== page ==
The inconvenience of the Newark by-election notwithstanding, the Tories have had the perfect preparation for a drubbing in next week’s European elections. They’ve told everyone who even stops for a second on the pavement next to them that they’re expecting a difficult time and thus have managed the expectations of the party both at a parliamentary and grassroots level. They’ve seen the increased media scrutiny of Ukip as a sign it is ok to attack the party, albeit not using insulting language. They’ve tried to keep MPs busy with campaign days, rather than plotting in Portcullis House.
And now they’ve reached the point Labourites feared, when the two parties have crossed over in the polls. As James said yesterday, the Ashcroft poll showing the Tories ahead will help the party leadership argue that whatever happens next week, next year’ selection is looking much brighter a prospect. And today’s Guardian poll putting the Conservatives on 33 and Labour on 31 (Ukip 15 and Lib Dem 13) means the leadership can argue that this could be a trend.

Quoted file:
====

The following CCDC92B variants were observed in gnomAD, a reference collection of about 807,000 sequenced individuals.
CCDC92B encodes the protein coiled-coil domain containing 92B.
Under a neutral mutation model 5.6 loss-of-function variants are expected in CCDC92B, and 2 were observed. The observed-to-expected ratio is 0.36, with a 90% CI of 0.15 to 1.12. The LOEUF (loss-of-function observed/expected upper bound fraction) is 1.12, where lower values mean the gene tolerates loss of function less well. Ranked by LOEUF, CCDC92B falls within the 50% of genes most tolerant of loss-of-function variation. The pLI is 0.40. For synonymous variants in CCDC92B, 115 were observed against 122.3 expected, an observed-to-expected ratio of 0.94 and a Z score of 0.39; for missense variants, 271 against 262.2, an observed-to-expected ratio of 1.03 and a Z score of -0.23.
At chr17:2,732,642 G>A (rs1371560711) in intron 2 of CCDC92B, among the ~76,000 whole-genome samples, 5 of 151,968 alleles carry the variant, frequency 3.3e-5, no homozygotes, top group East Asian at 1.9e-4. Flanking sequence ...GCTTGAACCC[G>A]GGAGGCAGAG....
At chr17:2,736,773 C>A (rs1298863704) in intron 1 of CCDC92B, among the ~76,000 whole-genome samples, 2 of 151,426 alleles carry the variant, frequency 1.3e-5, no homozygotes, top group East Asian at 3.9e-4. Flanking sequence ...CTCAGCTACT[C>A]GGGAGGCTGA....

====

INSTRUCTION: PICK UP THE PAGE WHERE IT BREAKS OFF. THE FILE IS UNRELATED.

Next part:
The question for Labour is how well the party can manage this, whether trend or wobble. Its MPs are more disciplined than the Tories , but they are slowly becoming a little less confident and a little more nervy. The arrival of David Axelrod in London today at least gives the impression the party isn’t sticking its fingers in its ears.
More Spectator for less. Subscribe and receive 12 issues delivered for just £12, with full web and app access. Join us.